Gas Cloud Spaghettified at the Milky Way's Core
At the center of our galaxy, and possibly all galaxies, is a supermassive black hole. Weighing in at roughly four million solar masses, Sagittarius A star (Sgr A*), our supermassive black hole, has a wide reach and is currently grasping at a massive gas cloud. Astronomers have recently used the European Southern Observatory's Very Large Telescope (VLT) to observe and measure the cloud's speed as it just barely escapes the black hole.
As dangerous as black holes may seem, they like all massive bodies in the Universe, can only reach so far, and anything outside of that reach is relatively safe. In this case 'relatively safe' means the gas is not going to fall into the black hole, but it is being stretched out a great deal; over 160 billion kilometers. With such length, it will be passing Sgr A* for at least a year, even as parts of it travel at 10 million kilometers per hour, or approximately one percent the speed of light.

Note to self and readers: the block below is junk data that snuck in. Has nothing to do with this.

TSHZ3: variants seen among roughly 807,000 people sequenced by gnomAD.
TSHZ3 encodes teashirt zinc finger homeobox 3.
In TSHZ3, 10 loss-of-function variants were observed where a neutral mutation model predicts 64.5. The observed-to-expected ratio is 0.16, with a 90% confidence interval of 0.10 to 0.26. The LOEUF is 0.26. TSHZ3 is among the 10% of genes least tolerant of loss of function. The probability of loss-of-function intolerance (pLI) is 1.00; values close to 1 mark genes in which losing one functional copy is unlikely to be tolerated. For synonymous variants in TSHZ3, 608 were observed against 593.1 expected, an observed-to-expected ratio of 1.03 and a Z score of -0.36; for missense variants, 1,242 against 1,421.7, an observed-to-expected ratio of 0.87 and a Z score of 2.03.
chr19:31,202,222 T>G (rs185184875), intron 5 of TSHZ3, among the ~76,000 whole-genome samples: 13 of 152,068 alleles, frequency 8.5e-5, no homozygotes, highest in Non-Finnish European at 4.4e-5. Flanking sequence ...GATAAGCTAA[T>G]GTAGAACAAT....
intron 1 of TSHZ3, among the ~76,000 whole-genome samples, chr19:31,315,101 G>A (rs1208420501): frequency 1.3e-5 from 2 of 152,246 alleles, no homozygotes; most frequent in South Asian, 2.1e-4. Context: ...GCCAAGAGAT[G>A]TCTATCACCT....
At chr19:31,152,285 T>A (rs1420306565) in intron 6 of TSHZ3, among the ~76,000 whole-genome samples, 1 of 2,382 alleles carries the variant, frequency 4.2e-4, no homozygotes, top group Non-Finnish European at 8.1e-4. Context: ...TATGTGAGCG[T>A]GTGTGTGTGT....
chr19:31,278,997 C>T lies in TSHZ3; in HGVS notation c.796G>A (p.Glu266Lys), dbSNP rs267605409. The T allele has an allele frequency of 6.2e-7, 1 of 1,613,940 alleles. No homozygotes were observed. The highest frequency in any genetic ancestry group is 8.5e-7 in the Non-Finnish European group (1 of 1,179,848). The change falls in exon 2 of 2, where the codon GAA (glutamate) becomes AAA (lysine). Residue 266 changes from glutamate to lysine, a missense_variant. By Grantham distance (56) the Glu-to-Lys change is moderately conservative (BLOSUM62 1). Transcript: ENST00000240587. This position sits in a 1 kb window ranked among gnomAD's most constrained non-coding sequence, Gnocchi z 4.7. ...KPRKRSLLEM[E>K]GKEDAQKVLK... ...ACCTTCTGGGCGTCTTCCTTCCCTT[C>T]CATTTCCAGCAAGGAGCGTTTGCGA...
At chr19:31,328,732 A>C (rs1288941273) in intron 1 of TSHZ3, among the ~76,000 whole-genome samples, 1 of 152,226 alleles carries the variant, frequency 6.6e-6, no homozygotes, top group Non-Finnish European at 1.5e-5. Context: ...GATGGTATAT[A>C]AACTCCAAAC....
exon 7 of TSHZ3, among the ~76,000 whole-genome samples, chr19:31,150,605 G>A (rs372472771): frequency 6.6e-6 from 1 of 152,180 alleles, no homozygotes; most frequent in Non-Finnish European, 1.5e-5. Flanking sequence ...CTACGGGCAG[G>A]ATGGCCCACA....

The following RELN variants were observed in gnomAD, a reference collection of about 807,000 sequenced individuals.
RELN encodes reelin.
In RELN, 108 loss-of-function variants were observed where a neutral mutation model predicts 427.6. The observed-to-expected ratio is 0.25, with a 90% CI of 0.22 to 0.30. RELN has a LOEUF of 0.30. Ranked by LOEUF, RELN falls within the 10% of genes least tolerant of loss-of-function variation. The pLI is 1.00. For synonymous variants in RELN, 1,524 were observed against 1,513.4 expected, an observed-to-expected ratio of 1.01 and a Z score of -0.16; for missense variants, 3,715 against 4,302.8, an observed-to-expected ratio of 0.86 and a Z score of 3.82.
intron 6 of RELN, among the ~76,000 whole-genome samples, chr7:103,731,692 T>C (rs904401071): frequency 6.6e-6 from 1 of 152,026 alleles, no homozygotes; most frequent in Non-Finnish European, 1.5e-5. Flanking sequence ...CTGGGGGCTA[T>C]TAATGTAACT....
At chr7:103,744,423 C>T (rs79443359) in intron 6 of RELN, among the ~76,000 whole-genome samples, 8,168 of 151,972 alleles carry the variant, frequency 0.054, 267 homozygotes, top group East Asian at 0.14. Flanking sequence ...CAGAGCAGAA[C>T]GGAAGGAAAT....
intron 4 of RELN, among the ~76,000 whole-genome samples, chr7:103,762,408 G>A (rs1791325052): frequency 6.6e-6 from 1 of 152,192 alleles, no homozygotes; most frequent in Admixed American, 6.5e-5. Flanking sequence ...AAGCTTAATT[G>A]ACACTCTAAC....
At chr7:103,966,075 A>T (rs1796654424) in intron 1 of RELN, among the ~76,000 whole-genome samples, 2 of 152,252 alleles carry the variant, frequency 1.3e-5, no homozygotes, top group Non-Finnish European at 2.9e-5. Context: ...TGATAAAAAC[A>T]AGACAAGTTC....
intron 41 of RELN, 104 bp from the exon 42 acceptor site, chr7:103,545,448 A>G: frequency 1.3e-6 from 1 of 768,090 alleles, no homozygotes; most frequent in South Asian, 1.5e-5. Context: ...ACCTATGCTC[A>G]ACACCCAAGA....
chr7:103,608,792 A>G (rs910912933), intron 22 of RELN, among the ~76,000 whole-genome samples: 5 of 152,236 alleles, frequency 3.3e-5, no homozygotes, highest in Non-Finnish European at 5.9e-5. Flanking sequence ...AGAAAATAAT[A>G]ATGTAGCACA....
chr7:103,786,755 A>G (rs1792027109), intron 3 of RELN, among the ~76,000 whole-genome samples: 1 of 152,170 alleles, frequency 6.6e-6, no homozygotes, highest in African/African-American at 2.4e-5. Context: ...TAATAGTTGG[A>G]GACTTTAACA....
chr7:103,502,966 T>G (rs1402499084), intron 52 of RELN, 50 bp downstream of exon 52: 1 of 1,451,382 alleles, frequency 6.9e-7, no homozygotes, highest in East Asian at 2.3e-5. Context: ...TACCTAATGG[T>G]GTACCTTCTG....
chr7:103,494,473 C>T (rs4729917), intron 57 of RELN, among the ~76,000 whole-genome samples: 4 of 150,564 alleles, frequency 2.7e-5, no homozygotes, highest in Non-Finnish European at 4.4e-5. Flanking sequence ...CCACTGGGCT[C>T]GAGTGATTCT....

The origins of the cloud are still unknown, but the astronomers suspect it came from the solar winds of stars orbiting Sgr A*. The astronomers will be studying it closely to see how it behaves as it escapes the black hole's gravity and suffers hydrodynamic turbulence.